The example method 900 includes comparing the system parameter to a threshold value (block 922). For example, the control system 431 can compare, via the comparator 434, the pressure and/or temperature of the pressurized air or bleed air received via the sensors 436, 457, 458 to respective threshold values retrieved from a look-up table or storage or with the other values received by the sensors 436, 457, 458. In some examples, the system parameter and/or the threshold value may be based on other operating conditions of the aircraft. The example method 900 includes determining if the system parameter measured by, for example, the sensors, is within the threshold value (block 924). If the system parameter is within the threshold value, then the control system 431 returns to block 920 to continue monitoring the system parameter.

If the system parameter is not within the threshold value, the example method 900 includes operating a valve (block 926). For example, in the bleed air and engine starter system 400 of FIG. 4, if the pressure of the compressed air at the compressor outlet 210 is not substantially equal to (e.g., below) the pressure demanded by the system 413, the control system 431 may cause the valves 452, 453 to move to an open position to allow relatively higher pressure bleed air to be supplied to the system 413. The example method 900 includes determining whether pressurized air is to be further supplied (block 928). If the engine is off, or the aircraft is not in use, then the method 900 may end. Otherwise, if the aircraft is still in flight, for example, the method 900 may continue to monitor the system parameter of the bleed air system (block 920) and control the valves to supply pressurized air to the system(s) of the aircraft.

FIG. 10 is a block diagram of an example processor platform 1000 capable of executing the instructions to implement the example methods of FIGS. 8 and 9A and 9B and the example bleed air and engine starter system 400 of FIG. 4. The processor platform 1000 can be, for example, a server, a personal computer, a mobile device (e.g., a cell phone, a smart phone, a tablet such as an iPad™), a personal digital assistant (PDA), an Internet appliance, or any other type of computing device.

The processor platform 1000 of the illustrated example includes a processor 1012. The processor 1012 of the illustrated example is hardware. For example, the processor 1012 can be implemented by one or more integrated circuits, logic circuits, microprocessors or controllers from any desired family or manufacturer.

The processor 1012 of the illustrated example includes a local memory 1013 (e.g., a cache). The processor 1012 of the illustrated example is in communication with a main memory including a volatile memory 1014 and a non-volatile memory 1016 via a bus 1018. The volatile memory 1014 may be implemented by Synchronous Dynamic Random Access Memory (SDRAM), Dynamic Random Access Memory (DRAM), RAMBUS Dynamic Random Access Memory (RDRAM) and/or any other type of random access memory device. The non-volatile memory 1016 may be implemented by flash memory and/or any other desired type of memory device. Access to the main memory 1014, 1016 is controlled by a memory controller.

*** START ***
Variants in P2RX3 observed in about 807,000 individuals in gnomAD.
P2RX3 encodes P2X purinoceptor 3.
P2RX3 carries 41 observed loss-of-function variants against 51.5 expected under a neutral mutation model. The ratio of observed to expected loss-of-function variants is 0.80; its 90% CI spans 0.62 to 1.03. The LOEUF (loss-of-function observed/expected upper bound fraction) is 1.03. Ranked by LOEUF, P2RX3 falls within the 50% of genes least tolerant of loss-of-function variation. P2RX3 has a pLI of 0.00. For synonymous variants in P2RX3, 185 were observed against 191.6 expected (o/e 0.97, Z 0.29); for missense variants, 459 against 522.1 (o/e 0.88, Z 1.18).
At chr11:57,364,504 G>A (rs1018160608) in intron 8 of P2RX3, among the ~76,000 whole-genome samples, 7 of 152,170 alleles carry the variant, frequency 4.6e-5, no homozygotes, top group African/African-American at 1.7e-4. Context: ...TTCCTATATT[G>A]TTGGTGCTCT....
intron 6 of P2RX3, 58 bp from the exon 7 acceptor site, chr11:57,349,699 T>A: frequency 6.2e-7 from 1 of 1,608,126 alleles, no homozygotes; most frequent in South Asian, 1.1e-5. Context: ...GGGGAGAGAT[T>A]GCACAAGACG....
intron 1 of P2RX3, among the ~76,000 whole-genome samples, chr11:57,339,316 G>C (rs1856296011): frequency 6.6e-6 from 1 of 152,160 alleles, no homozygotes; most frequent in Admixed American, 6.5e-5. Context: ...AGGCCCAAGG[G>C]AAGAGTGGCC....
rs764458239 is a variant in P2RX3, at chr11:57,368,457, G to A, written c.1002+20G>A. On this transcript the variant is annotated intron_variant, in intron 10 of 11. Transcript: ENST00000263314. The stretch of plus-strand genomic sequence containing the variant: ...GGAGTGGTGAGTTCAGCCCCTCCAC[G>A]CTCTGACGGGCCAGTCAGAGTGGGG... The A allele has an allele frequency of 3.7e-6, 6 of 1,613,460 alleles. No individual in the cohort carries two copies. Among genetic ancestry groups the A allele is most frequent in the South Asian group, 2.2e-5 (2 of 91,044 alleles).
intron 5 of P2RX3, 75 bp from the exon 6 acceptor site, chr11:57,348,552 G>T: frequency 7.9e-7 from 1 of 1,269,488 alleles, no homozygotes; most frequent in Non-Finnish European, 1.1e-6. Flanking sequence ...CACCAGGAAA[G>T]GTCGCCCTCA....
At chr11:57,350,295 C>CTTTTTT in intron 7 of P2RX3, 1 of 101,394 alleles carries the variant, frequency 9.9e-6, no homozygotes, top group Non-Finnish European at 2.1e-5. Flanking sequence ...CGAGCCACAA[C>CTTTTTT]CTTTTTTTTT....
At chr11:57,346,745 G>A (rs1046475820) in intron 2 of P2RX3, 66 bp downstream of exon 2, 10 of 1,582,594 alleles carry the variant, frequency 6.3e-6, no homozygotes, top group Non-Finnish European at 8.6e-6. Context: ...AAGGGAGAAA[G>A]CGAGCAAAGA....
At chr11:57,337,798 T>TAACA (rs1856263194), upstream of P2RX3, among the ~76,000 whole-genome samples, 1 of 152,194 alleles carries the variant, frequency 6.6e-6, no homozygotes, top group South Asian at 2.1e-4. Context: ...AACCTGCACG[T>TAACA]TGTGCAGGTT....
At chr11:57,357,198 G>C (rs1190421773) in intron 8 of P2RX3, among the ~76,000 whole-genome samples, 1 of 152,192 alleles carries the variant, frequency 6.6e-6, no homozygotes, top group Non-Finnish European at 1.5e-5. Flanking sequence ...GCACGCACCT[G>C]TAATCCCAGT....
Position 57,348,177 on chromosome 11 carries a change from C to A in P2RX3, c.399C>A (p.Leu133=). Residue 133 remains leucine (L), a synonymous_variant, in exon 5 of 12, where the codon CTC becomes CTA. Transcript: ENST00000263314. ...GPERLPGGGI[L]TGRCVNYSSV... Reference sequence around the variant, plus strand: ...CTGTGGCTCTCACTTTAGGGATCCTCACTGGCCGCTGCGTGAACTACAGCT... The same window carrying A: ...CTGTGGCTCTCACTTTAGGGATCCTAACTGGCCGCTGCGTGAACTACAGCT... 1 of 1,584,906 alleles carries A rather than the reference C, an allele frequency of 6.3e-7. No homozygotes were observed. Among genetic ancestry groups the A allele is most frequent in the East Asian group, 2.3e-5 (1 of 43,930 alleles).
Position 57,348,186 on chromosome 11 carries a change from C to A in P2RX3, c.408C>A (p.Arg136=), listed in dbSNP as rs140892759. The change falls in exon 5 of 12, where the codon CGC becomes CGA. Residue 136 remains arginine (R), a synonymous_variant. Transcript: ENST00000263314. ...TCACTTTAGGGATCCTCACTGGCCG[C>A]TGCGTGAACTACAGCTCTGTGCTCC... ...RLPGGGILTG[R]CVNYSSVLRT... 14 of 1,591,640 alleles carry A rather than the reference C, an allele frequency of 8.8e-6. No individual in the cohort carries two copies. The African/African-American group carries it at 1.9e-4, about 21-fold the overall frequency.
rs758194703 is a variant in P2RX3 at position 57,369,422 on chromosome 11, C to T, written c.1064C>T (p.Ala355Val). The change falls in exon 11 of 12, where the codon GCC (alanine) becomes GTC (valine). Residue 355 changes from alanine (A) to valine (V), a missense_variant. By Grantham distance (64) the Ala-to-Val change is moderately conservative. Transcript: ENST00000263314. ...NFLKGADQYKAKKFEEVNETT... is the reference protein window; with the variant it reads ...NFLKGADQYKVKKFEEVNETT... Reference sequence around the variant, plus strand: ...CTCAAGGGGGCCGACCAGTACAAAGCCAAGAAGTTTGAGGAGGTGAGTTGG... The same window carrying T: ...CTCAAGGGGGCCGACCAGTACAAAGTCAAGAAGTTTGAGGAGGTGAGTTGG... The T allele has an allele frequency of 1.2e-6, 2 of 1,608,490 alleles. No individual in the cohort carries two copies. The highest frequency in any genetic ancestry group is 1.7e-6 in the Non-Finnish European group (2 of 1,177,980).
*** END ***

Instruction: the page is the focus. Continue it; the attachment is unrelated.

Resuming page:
The processor platform 1000 of the illustrated example also includes an interface circuit 1020. The interface circuit 1020 may be implemented by any type of interface standard, such as an Ethernet interface, a universal serial bus (USB), and/or a PCI express interface.

In the illustrated example, one or more input devices 1022 are connected to the interface circuit 1020. The input device(s) 1022 permit(s) a user to enter data and commands into the processor 1012. The input device(s) can be implemented by, for example, an audio sensor, a microphone, a camera (still or video), a keyboard, a button, a mouse, a touchscreen, a track-pad, a trackball, isopoint and/or a voice recognition system.

One or more output devices 1024 are also connected to the interface circuit 1020 of the illustrated example. The output devices 1024 can be implemented, for example, by display devices (e.g., a light emitting diode (LED), an organic light emitting diode (OLED), a liquid crystal display, a cathode ray tube display (CRT), a touchscreen, a tactile output device, a printer and/or speakers). The interface circuit 1020 of the illustrated example, thus, typically includes a graphics driver card, a graphics driver chip or a graphics driver processor.

The interface circuit 1020 of the illustrated example also includes a communication device such as a transmitter, a receiver, a transceiver, a modem and/or network interface card to facilitate exchange of data with external machines (e.g., computing devices of any kind) via a network 1026 (e.g., an Ethernet connection, a digital subscriber line (DSL), a telephone line, coaxial cable, a cellular telephone system, etc.).

The processor platform 1000 of the illustrated example also includes one or more mass storage devices 1028 for storing software and/or data. Examples of such mass storage devices 1028 include floppy disk drives, hard drive disks, compact disk drives, Blu-ray disk drives, RAID systems, and digital versatile disk (DVD) drives.

Coded instructions 1032 representing the example methods 800 and 900 of FIGS. 8 and 9A and 9B may be stored in the mass storage device 1028, in the volatile memory 1014, in the non-volatile memory 1016, and/or on a removable tangible computer readable storage medium such as a CD or DVD.